Quote Originally Posted by stavrosk View Post
What is so amazing about his portraits other than the people he photographed?
If you have the opportunity, see for yourself sometime. I knew of him, but was not a fan, till there was a karsh exhibit nearby last year, and my affinity for B&W photography drew me.

In all aspects, Karsh "had it together" to produce exceedingly masterful portraits on silver gelatin paper. He was stupid expensive in his day, but we've sort of lost appreciation for his aesthetic in the past two generations.

His work is far different than the pop-celebrity-fashion-photo culture that someone growing up in the 1980's or 1990's would imagine. More museum quality dutch painting inspired than rolling stone inspired.


Back to the original topic. I'm always up for challenges. And I like to excel at what I'm working on at that time. I'm still working on things that have lots of potential left to develop. I like to go beyond what other people have done, rather than strictly emulate something that's already been done, [before moving on to emulate again]. When I get done with those projects, I'd be up for trying some people photography with people I don't know quite so well.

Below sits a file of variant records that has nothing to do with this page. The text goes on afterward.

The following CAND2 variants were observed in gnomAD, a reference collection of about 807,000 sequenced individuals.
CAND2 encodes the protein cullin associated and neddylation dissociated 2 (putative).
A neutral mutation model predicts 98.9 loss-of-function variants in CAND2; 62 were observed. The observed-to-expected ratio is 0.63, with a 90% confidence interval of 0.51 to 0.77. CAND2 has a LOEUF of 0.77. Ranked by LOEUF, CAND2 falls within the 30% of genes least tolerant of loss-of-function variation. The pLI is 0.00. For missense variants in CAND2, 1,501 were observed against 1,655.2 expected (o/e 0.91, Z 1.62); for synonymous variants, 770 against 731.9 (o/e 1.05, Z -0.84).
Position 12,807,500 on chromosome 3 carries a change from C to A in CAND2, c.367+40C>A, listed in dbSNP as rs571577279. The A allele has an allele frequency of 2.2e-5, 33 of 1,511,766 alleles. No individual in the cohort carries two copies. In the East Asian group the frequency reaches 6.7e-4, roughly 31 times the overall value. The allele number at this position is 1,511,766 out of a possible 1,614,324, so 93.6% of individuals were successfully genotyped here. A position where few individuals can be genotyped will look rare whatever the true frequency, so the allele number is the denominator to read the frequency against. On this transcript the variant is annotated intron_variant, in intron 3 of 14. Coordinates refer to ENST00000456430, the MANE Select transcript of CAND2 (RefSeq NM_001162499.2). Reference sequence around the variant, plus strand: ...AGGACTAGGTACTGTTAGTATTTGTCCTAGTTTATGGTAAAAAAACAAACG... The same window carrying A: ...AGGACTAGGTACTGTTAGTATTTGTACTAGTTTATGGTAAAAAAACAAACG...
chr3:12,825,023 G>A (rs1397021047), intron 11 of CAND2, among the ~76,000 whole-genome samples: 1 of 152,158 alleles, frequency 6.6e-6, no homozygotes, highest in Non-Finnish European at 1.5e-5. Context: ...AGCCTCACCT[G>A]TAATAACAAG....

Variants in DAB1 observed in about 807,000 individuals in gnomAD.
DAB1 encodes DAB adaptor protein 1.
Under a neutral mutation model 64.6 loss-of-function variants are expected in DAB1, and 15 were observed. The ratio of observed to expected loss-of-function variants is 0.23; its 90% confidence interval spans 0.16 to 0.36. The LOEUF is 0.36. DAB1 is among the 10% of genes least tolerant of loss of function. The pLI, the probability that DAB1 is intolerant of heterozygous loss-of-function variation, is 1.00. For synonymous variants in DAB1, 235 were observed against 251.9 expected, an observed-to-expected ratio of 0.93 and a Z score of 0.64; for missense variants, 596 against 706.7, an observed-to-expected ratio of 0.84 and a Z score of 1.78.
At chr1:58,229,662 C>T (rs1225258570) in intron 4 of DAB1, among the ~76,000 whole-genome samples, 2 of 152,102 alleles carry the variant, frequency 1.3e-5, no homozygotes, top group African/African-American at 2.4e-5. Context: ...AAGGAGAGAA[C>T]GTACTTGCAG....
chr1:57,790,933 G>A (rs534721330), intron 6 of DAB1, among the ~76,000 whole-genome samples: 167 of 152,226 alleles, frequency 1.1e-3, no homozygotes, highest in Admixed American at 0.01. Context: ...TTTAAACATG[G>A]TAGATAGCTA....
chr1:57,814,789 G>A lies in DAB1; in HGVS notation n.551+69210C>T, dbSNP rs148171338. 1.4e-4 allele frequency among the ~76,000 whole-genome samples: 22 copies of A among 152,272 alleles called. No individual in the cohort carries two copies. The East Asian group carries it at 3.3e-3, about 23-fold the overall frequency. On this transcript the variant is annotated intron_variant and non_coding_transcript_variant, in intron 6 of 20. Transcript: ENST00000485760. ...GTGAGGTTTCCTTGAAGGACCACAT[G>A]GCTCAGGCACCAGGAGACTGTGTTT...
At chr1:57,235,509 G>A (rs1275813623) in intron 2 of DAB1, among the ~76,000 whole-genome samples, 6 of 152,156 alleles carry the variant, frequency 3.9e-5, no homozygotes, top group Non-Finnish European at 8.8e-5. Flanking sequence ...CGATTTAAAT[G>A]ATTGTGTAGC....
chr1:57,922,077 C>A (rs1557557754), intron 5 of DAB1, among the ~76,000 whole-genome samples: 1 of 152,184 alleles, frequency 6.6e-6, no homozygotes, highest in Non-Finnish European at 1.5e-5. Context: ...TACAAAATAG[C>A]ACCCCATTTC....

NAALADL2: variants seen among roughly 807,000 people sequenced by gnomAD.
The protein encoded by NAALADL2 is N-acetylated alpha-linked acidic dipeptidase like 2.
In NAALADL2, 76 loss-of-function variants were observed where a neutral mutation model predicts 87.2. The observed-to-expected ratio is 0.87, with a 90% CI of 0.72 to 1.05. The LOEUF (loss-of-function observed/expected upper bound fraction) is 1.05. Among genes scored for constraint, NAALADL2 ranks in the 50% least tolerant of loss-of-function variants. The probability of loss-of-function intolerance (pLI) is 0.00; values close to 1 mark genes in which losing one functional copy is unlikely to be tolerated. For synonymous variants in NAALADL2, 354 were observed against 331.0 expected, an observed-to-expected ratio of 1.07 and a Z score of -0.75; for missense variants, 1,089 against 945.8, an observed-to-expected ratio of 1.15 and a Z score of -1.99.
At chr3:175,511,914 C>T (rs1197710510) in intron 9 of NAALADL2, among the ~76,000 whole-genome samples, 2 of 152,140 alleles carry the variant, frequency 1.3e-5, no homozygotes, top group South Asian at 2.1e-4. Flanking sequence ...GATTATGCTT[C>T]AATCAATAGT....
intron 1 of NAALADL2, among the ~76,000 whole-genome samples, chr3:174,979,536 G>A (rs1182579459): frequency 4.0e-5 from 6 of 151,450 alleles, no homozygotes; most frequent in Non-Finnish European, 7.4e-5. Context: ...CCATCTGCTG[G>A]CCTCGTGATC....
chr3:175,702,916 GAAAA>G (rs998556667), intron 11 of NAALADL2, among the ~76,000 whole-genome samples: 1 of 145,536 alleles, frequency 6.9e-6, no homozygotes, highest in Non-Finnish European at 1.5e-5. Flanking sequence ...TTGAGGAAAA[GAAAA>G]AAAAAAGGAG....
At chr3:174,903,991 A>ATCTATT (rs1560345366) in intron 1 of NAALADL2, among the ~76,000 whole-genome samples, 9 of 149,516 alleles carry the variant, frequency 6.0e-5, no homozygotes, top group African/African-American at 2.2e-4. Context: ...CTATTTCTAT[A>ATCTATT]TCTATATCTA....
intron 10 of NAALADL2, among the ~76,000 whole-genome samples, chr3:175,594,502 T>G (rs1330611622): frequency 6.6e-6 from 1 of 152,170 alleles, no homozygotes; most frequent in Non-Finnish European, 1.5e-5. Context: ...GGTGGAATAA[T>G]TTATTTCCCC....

What hasn't been mentioned, and is challenging, is trying techniques or processes outside of your comfort zone. If you've never done alt process variations, that's a good skill to develop that can expand what you see when you photograph; thinking about how the image will translate to various final mediums. Some photos that are kinda dull on silver can make a really special van dyke or cyanotype, and the inverse is true as well. The soft focus and/or old lens aesthetic is another good challenge. Going from crisp "safe" sharp realistic images such as in architecture or grand landscape, to blobs of light and dark and lenses that actually change focus when you stop down is getting outside of your comfort zone; sort of changing of religion from mainstream ansel adams to something more obscure and misunderstood.